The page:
Swifts – a piece of summer heaven
PUBLISHED: 07:00 06 July 2020 | UPDATED: 07:00 06 July 2020
There is one bird that has occupied my thoughts this last month. I have puzzled over how to describe it and express it in words that would somehow do it justice and distill, dare I say even bottle, in words, a little of its magic. The bird itself offers no fine plumage detail that would warrant colourful prose or even a voice that we might call a ‘song’. It is essentially dark brown all over and its voice is best described as a scream; and yet it is master of the skies, unrivalled in aerial dexterity, a resident of the heavens and but a brief visitor to earth. I am of course talking about swifts.
Swifts usually appear in our St Albans skies around April 20 each year and this year was no exception with my first swift cutting a determined line north over the garden on 22nd. It is not until May, however, that swifts find their element in the warming air drawing up a platter of fresh insects to greet them.
From May onwards swifts become subsumed into the blue ether and we may not notice them unless we are drawn to their screaming calls or scan the skies with binoculars.
They inhabit another world from ours – an apparently limitless aerial sea. Like shearwaters cutting the waves over the ocean, swifts shear the thermals, unrivalled and unrestricted in their manoeuvres. Watch a swift for a while and you will soon realise that the usual bounds of space and even time do not apply.
Never is there a sense of effort, only play. I can imagine that wide-open gape hoovering up hapless flies while gliding at 70mph or plummeting like a stone only to twist and turn upside down to greet a fellow swift.
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Occasionally two become one as the next generation is conceived, the only clue to those watching from below is that momentarily the swift’s form is thickened as two fly as one in perfect unison and yes, scream in delight!
Their young that fledge later this summer may not land for two years when after 300,000 miles of non-stop, inter-continental flight they will finally touch solid matter for the first time to breed. It is a short and even awkward pause in their aerial existence and their new fledglings will strain eagerly towards the skies until they too can answer the call of the clouds and leave the nest.
The skies are one vast playground and while buzzards, kites and gulls all seek out the thermals, spiraling upwards on heated drafts, swifts have no need of such ‘kettles’. All the sky is theirs and the slopes and peaks of their topography are insect-lined and defined. Following these peaks and finding airspace steeped in insect life can take swifts on daily forays hundreds of miles long, across counties and even countries.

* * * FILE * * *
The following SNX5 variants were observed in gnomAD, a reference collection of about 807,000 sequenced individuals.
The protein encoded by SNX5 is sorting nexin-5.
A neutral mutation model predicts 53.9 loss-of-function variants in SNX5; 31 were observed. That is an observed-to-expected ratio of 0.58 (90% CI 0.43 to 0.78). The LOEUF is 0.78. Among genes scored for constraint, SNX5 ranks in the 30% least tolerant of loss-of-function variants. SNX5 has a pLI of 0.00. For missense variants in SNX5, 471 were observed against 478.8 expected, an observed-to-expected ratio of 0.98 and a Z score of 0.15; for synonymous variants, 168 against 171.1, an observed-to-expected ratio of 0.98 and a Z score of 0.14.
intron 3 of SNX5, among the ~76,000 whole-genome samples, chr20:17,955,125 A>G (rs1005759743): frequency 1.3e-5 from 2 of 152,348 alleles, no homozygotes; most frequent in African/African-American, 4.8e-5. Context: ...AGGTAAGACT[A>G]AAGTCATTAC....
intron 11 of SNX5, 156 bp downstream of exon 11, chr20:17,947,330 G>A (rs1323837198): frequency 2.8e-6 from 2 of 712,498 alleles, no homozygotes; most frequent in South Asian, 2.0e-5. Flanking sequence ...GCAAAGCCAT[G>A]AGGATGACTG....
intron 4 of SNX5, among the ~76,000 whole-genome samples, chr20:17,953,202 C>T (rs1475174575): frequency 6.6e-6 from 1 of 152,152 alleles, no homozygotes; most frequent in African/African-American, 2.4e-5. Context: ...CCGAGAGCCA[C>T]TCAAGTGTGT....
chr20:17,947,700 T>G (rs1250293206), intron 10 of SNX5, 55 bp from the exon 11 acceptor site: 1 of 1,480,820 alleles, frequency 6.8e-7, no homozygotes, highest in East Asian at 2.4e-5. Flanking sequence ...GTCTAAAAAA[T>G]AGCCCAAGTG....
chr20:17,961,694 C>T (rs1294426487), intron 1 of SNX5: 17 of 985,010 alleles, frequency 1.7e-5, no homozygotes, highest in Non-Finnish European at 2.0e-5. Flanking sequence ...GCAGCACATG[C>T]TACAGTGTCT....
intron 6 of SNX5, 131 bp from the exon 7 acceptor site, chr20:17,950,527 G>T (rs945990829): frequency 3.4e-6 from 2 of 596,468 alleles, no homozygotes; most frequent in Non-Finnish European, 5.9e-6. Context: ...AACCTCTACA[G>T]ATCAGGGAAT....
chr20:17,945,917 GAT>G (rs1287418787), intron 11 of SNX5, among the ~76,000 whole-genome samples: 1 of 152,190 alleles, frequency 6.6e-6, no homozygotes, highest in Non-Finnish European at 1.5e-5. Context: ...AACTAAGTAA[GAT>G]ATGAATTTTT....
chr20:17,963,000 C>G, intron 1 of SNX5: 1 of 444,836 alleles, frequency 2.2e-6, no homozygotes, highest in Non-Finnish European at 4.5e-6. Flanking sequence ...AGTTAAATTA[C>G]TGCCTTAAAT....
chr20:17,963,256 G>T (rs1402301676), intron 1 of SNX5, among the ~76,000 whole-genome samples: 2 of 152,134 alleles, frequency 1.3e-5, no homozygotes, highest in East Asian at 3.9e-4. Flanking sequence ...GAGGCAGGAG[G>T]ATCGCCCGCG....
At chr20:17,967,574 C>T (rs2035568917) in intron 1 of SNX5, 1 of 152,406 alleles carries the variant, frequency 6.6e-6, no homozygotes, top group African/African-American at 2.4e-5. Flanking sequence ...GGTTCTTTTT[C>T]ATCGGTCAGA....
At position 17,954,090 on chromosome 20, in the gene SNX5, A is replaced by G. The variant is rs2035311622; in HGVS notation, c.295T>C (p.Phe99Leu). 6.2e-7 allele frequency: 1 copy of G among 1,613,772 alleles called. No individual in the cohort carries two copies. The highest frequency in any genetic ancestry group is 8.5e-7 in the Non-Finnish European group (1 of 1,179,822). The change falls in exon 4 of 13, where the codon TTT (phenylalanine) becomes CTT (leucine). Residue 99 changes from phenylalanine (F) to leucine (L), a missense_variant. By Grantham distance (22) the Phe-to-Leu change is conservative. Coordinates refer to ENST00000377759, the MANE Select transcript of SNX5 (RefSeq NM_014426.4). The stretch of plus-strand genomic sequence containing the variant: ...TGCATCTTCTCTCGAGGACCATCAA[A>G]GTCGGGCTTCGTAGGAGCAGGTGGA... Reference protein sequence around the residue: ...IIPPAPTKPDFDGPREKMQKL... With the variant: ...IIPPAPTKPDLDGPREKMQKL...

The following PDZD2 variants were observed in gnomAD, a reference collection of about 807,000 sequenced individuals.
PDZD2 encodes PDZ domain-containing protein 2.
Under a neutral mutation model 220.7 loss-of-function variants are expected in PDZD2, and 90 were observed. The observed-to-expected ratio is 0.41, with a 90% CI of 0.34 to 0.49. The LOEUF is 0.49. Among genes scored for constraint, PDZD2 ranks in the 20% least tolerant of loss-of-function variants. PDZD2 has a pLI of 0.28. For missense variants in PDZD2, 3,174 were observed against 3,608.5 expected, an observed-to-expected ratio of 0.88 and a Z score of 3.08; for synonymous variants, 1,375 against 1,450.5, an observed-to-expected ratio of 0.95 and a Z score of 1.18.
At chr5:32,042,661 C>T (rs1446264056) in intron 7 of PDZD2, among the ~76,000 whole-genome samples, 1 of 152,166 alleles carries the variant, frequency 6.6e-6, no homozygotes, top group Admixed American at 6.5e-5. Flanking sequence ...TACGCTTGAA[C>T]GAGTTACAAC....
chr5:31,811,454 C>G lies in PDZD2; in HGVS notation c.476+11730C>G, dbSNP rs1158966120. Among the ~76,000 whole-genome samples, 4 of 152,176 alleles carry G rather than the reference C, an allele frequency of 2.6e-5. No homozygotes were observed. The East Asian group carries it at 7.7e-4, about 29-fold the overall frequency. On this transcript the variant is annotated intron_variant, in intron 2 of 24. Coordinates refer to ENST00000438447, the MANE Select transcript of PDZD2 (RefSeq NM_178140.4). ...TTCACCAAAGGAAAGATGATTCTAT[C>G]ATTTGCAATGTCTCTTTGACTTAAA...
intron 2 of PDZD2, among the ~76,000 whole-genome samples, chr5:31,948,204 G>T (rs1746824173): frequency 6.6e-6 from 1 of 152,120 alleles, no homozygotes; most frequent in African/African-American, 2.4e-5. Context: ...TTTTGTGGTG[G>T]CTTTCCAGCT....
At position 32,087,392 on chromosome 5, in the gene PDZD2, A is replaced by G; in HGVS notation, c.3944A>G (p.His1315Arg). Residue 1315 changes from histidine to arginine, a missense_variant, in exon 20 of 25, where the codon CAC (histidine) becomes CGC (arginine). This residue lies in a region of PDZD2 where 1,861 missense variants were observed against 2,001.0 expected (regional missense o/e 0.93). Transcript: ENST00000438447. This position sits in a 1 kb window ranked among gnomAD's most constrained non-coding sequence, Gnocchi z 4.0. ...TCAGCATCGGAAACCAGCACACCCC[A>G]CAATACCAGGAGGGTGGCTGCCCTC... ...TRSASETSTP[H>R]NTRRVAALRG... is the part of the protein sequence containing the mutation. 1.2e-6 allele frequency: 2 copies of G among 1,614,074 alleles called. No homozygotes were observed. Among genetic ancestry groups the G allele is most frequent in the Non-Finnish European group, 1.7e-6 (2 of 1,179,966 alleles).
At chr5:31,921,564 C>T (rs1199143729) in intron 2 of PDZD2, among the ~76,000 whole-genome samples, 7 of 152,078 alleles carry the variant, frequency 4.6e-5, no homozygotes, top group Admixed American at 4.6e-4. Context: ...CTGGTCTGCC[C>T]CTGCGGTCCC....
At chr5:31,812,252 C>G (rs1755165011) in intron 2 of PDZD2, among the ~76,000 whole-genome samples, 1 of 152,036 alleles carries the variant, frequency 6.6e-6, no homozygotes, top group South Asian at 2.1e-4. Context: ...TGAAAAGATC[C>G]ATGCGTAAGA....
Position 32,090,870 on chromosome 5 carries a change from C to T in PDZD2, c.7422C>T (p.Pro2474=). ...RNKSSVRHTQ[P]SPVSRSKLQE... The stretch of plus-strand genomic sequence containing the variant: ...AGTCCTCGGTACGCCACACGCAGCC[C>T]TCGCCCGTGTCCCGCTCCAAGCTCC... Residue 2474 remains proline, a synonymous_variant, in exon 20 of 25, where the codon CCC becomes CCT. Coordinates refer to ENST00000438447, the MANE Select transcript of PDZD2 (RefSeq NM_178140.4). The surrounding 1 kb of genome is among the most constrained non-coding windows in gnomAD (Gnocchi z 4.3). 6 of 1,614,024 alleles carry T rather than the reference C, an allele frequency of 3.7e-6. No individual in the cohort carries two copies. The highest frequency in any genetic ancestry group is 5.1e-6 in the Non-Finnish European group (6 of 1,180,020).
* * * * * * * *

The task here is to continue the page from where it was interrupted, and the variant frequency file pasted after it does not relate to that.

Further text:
Theirs is a world we do not see and perhaps can only simulate on an app like Google Earth and yet it is one we profoundly influence. Very little in nature threatens the swift. Bad weather may condense and press the insect-scape to flatter plains and then, with no less speed, they will descend to ground level, their feeding frenzy bringing an intense drama to sultry summer evenings. Occasionally a hobby, that most agile of falcons, will snatch a complacent swift from the flock, but having only seen this once in all my years birding I think hobbies prefer an easier diet of dragonflies!
Instead it is our modern world that has shrunk the world of swifts, so much so that we now only have half of the swifts we had in the mid-1990s. Air pollution and our relentless pursuit of tidiness have thinned their invertebrate-filled skies and filled, plugged and eliminated those cracks and gaps in our buildings that were homes to swift couples year on year.
It is perhaps not until we consider a summer without swifts and skies no longer enlivened by their screaming calls that we begin to capture something of their magic that mere words cannot embody. The loss of swifts would shrink our world too and remove from it a piece of heaven.
For more information about swifts see www.swift-conservation.org
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